They spent a cold winter in the mobile unit, before taking some of their insurance money to convert a storage building into accommodations. Even with that, the laundry is in the barn — where the pipes freeze when it’s cold — and their washroom is outside.
The experience has been exhausting.
“It’s had an impact on our health, definitely. I haven’t been talking about this much publicly, but I am taking mood stabilizers and antidepressants to keep me going. Ian’s been the rock, but he’s also struggling. It’s a difficult one to manage,” Cathy said.
“It’s some trauma when you leave your property with just the clothes you’re standing up in and nothing else. And trying to be positive about that, trying to be in survival mode, because we’ve got two kids. And their thoughts and feelings and welfare are paramount at that time.”
Since going public, Cathy said the support from clients and the Langley community has been more than they could have hoped for. She has even received messages from strangers who have had similar incidents happen with their smartphones.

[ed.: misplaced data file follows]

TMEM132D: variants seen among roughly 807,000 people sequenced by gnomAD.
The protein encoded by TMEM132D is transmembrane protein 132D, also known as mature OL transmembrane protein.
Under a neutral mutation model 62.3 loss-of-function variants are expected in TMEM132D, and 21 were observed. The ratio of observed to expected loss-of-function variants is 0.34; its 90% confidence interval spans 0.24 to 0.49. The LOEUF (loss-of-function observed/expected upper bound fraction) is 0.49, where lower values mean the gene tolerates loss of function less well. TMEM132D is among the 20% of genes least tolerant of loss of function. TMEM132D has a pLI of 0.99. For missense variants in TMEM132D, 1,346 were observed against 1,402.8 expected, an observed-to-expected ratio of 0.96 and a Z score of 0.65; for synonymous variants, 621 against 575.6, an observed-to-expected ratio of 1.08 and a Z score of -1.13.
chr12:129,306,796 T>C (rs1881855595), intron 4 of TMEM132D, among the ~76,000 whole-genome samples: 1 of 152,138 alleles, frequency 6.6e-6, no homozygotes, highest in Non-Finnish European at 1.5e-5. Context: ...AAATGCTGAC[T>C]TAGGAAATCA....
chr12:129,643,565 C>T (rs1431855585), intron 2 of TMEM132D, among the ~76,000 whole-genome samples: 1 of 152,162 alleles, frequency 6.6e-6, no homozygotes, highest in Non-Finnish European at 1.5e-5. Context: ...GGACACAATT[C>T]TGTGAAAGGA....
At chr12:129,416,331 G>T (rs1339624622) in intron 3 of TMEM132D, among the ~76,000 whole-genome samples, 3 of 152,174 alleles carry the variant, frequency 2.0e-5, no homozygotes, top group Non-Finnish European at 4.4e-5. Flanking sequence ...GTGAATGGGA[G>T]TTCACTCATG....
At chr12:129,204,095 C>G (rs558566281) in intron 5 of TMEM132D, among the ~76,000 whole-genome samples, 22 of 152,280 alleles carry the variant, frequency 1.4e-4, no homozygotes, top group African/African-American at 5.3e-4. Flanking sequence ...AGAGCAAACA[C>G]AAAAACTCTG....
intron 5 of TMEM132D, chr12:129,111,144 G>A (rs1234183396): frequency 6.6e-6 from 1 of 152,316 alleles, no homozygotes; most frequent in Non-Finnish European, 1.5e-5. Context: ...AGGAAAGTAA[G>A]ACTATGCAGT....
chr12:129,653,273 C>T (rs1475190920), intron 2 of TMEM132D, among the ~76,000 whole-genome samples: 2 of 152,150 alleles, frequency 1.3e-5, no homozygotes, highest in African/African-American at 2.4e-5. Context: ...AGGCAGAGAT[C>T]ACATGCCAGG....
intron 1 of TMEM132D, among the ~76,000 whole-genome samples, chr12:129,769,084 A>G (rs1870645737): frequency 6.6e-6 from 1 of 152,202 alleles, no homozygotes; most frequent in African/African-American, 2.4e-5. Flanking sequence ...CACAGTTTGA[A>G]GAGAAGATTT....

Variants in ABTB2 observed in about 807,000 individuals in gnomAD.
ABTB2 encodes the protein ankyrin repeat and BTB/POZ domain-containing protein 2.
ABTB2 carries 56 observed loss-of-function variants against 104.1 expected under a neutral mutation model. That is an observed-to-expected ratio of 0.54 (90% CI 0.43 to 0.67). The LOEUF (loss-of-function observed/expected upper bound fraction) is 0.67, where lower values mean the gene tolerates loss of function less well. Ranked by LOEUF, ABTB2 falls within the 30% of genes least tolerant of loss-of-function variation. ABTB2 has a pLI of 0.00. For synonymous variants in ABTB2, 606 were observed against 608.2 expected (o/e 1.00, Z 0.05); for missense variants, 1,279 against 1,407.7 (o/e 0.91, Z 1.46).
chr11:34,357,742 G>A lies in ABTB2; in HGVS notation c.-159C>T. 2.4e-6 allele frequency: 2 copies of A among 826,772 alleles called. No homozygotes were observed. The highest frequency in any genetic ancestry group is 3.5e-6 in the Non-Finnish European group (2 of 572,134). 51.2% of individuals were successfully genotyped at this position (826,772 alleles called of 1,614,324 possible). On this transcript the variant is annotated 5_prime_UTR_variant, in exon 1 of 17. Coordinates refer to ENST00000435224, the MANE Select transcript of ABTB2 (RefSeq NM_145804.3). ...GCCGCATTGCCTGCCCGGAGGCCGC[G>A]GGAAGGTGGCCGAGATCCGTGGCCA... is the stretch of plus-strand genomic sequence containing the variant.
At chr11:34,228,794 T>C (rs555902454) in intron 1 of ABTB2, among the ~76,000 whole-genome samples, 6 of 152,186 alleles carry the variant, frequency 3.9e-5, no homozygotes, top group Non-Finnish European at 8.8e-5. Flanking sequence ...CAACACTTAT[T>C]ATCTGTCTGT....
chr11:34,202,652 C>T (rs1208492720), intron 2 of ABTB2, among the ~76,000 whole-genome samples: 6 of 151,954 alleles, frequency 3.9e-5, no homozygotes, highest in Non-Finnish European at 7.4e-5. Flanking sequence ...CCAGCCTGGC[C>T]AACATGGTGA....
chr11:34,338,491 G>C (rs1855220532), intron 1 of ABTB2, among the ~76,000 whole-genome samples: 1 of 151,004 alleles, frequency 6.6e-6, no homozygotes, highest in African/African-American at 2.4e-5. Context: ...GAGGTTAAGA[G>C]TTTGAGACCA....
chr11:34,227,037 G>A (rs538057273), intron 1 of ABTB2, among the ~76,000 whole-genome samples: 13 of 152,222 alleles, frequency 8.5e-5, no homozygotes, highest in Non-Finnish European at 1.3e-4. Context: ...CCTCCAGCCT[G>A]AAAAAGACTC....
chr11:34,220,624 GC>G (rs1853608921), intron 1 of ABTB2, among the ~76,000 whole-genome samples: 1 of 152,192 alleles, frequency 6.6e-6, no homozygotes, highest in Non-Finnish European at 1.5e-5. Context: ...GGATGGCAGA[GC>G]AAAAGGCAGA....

“I’m certainly now going through a period of feeling very exposed and vulnerable. And I’m a person who put naked photos of ‘naked gardening day’ online, so it takes a lot to make me feel exposed,” Cathy said.
“But definitely talking about things like the mental health issues that we’ve all experienced has been difficult. I know we should be open and we should be talking about these things, and I promised transparency, so that’s why I have to deliver.
“Again, we’ve got to have some integrity in delivering those things. It was all or nothing. If you go down that route and you’re asking somebody to do the right thing, you can’t put out half of it, you can’t cherry pick. You’ve got to own it.
“I think it speaks to our desperation. I think it speaks to our commitment to want to keep the farm going and the good work that the farm was doing. And our horror that we might lose our house again and have to uproot our family again — and all because of an iPhone charger.”
The Finley’s petition can be found online at www.change.org.